Saturday, June 14, 2014

Rough Starting Scribble to Final Rendered Illustrations Video

We have put up another 3 minute sketches to final video on YouTube.

The main purpose of these isn't so much to show "how to draw", but to show that the really, really rough starting sketch is a part of the design process, and not indicative of the final quality work.

They are rough because we cannot afford to spend a lot of time refining the initial starting concept, as it may not be the one used.  To put that another way, if the initial sketches were refined, the customer would have to pay for several finished illustrations, rather than the one they want.

The instrumental music in this is also unlike most of our stuff, in that it doesn't have any guitar in it. It is all Arturia Arp2600 VST and drums, all put together in Reaper using a Roland Midi Keyboard Controller.

We can be contacted at Art & Technology

Saturday, June 7, 2014

The Youtube Music Video Demos

We now have a few video at our Youtube channel.

They combine our original music with samples of our graphics, how they were made,  or a demo of some technical article from our main website, Art & Technology.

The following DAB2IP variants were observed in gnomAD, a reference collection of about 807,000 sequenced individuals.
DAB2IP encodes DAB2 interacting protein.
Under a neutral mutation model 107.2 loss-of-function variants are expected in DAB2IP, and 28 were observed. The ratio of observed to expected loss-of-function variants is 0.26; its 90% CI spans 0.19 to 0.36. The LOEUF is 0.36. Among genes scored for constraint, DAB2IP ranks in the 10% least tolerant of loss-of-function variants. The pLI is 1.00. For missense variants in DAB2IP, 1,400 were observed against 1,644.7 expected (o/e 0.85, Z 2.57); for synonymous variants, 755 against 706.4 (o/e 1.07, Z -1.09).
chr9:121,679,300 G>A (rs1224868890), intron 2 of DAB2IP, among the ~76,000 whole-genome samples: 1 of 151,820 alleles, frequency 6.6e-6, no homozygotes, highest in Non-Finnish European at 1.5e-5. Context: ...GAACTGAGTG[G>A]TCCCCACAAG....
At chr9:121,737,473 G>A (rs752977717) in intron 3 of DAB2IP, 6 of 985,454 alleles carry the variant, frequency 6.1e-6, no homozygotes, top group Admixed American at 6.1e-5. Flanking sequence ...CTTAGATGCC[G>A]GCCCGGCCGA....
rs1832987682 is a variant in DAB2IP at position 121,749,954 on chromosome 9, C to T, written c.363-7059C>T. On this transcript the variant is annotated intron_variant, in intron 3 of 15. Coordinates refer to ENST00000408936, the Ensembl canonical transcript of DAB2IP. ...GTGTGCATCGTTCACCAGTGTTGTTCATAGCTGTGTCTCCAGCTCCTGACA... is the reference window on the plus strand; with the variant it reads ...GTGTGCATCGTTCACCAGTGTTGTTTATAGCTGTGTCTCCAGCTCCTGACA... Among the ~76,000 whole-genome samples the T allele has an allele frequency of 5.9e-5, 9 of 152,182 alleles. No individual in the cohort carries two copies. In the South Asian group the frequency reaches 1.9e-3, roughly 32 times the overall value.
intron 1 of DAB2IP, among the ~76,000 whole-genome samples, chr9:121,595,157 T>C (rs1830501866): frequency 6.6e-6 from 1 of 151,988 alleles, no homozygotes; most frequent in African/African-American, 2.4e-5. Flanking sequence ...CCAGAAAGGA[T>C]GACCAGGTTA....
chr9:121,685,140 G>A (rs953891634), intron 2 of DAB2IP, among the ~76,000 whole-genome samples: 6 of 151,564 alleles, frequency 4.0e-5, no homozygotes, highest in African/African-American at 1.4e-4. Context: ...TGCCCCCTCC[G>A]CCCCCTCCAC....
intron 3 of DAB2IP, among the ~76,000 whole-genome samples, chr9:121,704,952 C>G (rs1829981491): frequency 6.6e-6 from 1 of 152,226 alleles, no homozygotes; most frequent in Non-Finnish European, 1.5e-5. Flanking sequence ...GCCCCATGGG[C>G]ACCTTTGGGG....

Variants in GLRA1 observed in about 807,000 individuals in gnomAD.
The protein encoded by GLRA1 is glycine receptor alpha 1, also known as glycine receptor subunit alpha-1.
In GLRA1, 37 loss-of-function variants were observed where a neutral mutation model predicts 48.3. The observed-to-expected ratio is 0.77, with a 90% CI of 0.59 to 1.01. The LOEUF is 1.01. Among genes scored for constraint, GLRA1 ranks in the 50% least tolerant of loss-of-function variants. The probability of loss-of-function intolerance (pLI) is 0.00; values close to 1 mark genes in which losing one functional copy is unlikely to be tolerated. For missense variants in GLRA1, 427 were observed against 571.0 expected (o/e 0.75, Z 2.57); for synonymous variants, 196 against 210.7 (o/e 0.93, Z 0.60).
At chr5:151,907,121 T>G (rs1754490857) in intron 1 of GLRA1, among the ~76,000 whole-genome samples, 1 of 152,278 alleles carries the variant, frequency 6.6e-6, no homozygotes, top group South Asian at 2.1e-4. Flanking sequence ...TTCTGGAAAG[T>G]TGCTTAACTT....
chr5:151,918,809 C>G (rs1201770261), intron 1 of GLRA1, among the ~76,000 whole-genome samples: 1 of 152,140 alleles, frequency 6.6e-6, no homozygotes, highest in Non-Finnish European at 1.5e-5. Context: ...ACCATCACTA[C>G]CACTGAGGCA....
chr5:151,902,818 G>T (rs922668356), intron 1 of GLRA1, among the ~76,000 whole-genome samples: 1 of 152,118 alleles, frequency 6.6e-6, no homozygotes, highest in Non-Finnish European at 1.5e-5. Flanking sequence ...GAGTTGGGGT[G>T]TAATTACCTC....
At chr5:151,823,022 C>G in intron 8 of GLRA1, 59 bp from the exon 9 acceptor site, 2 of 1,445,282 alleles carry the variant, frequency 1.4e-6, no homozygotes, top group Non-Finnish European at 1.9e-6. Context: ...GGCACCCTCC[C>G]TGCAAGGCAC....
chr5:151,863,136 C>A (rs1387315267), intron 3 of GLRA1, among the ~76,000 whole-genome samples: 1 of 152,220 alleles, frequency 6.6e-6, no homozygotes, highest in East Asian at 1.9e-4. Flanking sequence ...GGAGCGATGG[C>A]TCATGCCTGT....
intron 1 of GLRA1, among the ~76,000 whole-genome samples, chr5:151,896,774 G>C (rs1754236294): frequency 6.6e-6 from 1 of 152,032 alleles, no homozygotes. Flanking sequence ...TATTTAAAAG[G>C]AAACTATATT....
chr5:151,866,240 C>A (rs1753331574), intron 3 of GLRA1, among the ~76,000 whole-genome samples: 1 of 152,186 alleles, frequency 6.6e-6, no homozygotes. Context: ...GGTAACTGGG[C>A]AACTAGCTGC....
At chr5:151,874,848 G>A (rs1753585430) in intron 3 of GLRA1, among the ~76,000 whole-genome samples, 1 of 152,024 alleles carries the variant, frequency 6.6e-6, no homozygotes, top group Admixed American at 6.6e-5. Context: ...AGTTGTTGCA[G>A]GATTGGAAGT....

Currently the most played video shows initial rough sketches, a few progress steps and the final illustration for a series of our car caricatures.

But that changes. Not always the same.

I find it interesting that these get played far more than just the soundtracks on SoundCloud.  That is really because most of the video have an educational "how To" aspect to them, especially the ones that accompany the articles on the website.

Check them out!

Friday, June 6, 2014

From the God Father of the Yahama DX-7....and other synthesisers

I have visited Stanford's Center for Computer Research in Music and Acoustics,  CCRMA, pronouced karma, and met John Chowning several times. During the Tokyo ICMC I was even a bit of a translator at a restaurant with him and a few other attendees.

He invented FM Synthesis, which Yamaha then went off to refine and eventually produce the Yahama DX-7. The biggest selling synthesiser until the Korg M1 hit.

John of course is a composer, and has been in the Academic Computer Music world for a long time, and the CD he gave me was of his works.....  this isn't pop music.....

I spent years in Music Technology R&D and attended the International Computer Music Conferences and AES trade shows, and a few others.....

You probably didn't notice me as I kept a very low profile. One of those that did know who I was was Dave Smith, of Sequential Circuits fame, even though he was at Korg R&D at that time.

This is a really interesting talk on Dave Smith's history and what he has been involved with.

I have some parallels with some of that in my own career..... details here

I can be contacted at Art & Technology